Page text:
Military Music And Its Story - online book

The Rise & Development Of Military Music

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In 1870 two more "staff" bands were raised, the Royal Horse Artillery (under J. A. Browne), which was merged in the Royal Artillery Mounted Band in 1878, and the Royal Marine Artillery, under John Winter-bottom.
The Military School of Music must also be allowed its share in the development of military music during the renaissance. For whatever may be said against the early bandmasters from the school, there can be no question of the work which this institution did in the training of the bandsmen. When it opened its doors on March 3, 1857, a staff of only four professors, including the director of music, then called the "resi­dent instructor," was employed. At first the school gave little promise of success. The most serious trouble which beset the school was the meagre support afforded it. Regiments were free to subscribe toward" its maintenance, or not, as they thought fit. And, of course, there were many regiments who had no desire to avail themselves of Kneller Hall, preferring the old style of civilian bandmaster and training their own bandsmen. Even in later years, when compelled to have a Kneller Hall bandmaster, some regiments em­ployed civilian "conductors." Another set-back was caused by the appointment of Schallehn as director of the school, who, we are told, had "no exceptional ability." After two years in office, he was dismissed.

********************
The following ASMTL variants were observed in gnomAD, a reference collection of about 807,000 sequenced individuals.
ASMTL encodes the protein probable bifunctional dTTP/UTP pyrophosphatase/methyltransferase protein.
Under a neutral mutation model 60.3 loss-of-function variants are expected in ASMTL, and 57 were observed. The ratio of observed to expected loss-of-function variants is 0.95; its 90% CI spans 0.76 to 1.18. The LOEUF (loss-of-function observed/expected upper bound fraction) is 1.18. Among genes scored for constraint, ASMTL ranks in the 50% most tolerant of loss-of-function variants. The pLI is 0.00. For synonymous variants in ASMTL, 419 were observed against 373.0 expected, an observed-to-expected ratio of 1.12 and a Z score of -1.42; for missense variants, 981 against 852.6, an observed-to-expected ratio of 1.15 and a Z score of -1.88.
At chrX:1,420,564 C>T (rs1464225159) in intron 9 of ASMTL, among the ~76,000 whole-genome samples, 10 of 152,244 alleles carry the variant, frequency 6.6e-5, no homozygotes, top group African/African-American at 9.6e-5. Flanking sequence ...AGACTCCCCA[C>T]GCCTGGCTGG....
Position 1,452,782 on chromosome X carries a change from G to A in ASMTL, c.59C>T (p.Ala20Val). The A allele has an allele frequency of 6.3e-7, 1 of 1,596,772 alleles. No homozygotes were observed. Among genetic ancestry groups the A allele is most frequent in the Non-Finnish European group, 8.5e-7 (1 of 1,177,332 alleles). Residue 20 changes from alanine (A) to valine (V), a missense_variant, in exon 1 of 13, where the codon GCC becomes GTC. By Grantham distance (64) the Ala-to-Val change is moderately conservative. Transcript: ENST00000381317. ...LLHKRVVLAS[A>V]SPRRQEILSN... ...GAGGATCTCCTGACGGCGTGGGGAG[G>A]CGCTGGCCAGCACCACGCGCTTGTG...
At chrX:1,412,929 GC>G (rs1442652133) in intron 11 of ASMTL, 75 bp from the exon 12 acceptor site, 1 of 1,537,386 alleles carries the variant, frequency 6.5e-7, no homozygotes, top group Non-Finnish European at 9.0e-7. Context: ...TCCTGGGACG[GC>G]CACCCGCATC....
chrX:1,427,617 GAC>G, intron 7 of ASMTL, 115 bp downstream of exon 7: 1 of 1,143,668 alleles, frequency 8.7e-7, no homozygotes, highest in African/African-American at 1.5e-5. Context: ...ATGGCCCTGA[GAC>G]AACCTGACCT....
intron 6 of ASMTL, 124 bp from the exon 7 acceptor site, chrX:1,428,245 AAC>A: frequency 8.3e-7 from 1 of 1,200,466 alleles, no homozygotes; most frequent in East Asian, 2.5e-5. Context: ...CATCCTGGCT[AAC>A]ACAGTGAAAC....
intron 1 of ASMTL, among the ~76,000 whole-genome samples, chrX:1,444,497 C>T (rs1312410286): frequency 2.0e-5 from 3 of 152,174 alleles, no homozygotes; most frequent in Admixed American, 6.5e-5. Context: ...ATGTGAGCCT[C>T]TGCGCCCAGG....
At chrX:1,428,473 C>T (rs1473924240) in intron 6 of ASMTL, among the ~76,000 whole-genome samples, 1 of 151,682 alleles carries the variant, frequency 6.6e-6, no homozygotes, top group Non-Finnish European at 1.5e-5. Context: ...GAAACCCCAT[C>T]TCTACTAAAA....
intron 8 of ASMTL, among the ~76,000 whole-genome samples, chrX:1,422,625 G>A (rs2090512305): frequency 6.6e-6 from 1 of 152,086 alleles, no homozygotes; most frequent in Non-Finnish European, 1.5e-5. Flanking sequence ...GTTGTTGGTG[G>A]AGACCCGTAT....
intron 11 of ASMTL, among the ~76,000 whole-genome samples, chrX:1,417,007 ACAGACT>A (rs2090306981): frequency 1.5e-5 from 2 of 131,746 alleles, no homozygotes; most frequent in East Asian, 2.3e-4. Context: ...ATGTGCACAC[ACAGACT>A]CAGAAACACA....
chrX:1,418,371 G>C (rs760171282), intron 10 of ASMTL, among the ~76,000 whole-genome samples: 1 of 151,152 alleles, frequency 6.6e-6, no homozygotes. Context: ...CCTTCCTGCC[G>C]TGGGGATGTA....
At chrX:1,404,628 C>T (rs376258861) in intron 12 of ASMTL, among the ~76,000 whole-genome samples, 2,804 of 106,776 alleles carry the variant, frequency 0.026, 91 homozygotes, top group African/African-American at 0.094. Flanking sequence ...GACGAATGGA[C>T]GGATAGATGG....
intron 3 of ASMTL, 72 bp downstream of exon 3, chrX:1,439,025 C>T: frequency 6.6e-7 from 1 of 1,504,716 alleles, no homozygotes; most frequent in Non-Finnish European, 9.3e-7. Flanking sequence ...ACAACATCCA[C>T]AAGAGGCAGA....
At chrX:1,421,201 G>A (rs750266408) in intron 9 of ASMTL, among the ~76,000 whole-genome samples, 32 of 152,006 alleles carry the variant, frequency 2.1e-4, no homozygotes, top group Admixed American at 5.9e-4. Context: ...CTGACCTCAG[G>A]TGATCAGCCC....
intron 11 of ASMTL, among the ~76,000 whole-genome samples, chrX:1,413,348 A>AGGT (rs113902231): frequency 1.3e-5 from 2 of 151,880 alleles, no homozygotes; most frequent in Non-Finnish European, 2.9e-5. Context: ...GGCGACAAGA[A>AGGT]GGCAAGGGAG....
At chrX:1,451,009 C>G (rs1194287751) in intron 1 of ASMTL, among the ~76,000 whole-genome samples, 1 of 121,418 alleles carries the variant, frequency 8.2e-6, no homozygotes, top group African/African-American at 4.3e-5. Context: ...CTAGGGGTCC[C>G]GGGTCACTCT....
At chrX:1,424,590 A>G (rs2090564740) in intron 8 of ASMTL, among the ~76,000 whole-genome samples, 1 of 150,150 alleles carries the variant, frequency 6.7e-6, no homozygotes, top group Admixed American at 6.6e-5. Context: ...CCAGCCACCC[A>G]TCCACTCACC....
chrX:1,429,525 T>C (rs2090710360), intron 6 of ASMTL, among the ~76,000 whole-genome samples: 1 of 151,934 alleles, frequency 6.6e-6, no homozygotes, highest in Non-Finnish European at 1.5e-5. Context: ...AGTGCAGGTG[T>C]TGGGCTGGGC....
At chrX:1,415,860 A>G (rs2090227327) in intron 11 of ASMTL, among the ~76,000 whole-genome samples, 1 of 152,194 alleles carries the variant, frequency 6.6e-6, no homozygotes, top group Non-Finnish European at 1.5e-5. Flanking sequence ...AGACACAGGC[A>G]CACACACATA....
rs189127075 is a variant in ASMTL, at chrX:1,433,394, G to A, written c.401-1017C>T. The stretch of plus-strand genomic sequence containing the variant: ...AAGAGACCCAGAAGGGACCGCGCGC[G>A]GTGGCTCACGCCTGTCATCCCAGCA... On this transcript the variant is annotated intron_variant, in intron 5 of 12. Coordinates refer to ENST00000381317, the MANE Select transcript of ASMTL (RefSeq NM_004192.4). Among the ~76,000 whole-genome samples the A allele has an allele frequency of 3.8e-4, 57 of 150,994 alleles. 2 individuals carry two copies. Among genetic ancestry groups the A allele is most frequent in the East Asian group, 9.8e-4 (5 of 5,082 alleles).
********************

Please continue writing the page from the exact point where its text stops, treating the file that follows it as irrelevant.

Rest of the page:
Despite the ill-luck which attended the school at the outset, there happened to be at the head of affairs a very ardent musician, Lieut.-Col. F. L. Whitmore, who
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